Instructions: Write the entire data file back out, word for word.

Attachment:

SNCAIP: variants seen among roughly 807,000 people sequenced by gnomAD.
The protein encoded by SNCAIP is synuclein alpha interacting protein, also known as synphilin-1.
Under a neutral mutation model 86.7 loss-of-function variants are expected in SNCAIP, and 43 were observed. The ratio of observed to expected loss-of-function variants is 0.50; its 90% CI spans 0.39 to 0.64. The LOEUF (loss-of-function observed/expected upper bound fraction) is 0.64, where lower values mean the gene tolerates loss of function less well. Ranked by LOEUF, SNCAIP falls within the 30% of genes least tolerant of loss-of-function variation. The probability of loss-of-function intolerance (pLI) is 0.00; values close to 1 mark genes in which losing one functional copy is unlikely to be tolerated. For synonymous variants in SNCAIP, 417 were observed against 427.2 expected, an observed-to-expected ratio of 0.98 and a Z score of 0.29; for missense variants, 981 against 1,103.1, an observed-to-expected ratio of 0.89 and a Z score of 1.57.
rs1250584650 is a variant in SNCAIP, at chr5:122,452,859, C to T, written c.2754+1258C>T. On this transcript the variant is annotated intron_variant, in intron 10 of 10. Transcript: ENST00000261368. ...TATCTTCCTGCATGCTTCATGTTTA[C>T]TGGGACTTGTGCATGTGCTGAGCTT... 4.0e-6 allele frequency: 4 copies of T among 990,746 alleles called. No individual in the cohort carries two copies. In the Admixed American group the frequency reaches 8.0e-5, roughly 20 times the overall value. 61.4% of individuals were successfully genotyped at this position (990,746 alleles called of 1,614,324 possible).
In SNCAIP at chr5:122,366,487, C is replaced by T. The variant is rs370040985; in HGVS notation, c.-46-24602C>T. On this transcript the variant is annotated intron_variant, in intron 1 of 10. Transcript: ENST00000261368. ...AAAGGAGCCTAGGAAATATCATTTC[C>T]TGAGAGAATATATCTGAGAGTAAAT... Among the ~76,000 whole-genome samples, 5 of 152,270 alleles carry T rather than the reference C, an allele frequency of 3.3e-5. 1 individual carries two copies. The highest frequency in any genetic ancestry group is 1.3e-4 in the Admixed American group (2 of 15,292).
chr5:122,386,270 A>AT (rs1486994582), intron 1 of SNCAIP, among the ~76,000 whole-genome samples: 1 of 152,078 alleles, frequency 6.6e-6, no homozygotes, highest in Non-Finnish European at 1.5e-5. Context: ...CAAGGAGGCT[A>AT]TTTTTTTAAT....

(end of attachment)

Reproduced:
SNCAIP: variants seen among roughly 807,000 people sequenced by gnomAD.
The protein encoded by SNCAIP is synuclein alpha interacting protein, also known as synphilin-1.
Under a neutral mutation model 86.7 loss-of-function variants are expected in SNCAIP, and 43 were observed. The ratio of observed to expected loss-of-function variants is 0.50; its 90% CI spans 0.39 to 0.64. The LOEUF (loss-of-function observed/expected upper bound fraction) is 0.64, where lower values mean the gene tolerates loss of function less well. Ranked by LOEUF, SNCAIP falls within the 30% of genes least tolerant of loss-of-function variation. The probability of loss-of-function intolerance (pLI) is 0.00; values close to 1 mark genes in which losing one functional copy is unlikely to be tolerated. For synonymous variants in SNCAIP, 417 were observed against 427.2 expected, an observed-to-expected ratio of 0.98 and a Z score of 0.29; for missense variants, 981 against 1,103.1, an observed-to-expected ratio of 0.89 and a Z score of 1.57.
rs1250584650 is a variant in SNCAIP, at chr5:122,452,859, C to T, written c.2754+1258C>T. On this transcript the variant is annotated intron_variant, in intron 10 of 10. Transcript: ENST00000261368. ...TATCTTCCTGCATGCTTCATGTTTA[C>T]TGGGACTTGTGCATGTGCTGAGCTT... 4.0e-6 allele frequency: 4 copies of T among 990,746 alleles called. No individual in the cohort carries two copies. In the Admixed American group the frequency reaches 8.0e-5, roughly 20 times the overall value. 61.4% of individuals were successfully genotyped at this position (990,746 alleles called of 1,614,324 possible).
In SNCAIP at chr5:122,366,487, C is replaced by T. The variant is rs370040985; in HGVS notation, c.-46-24602C>T. On this transcript the variant is annotated intron_variant, in intron 1 of 10. Transcript: ENST00000261368. ...AAAGGAGCCTAGGAAATATCATTTC[C>T]TGAGAGAATATATCTGAGAGTAAAT... Among the ~76,000 whole-genome samples, 5 of 152,270 alleles carry T rather than the reference C, an allele frequency of 3.3e-5. 1 individual carries two copies. The highest frequency in any genetic ancestry group is 1.3e-4 in the Admixed American group (2 of 15,292).
chr5:122,386,270 A>AT (rs1486994582), intron 1 of SNCAIP, among the ~76,000 whole-genome samples: 1 of 152,078 alleles, frequency 6.6e-6, no homozygotes, highest in Non-Finnish European at 1.5e-5. Context: ...CAAGGAGGCT[A>AT]TTTTTTTAAT....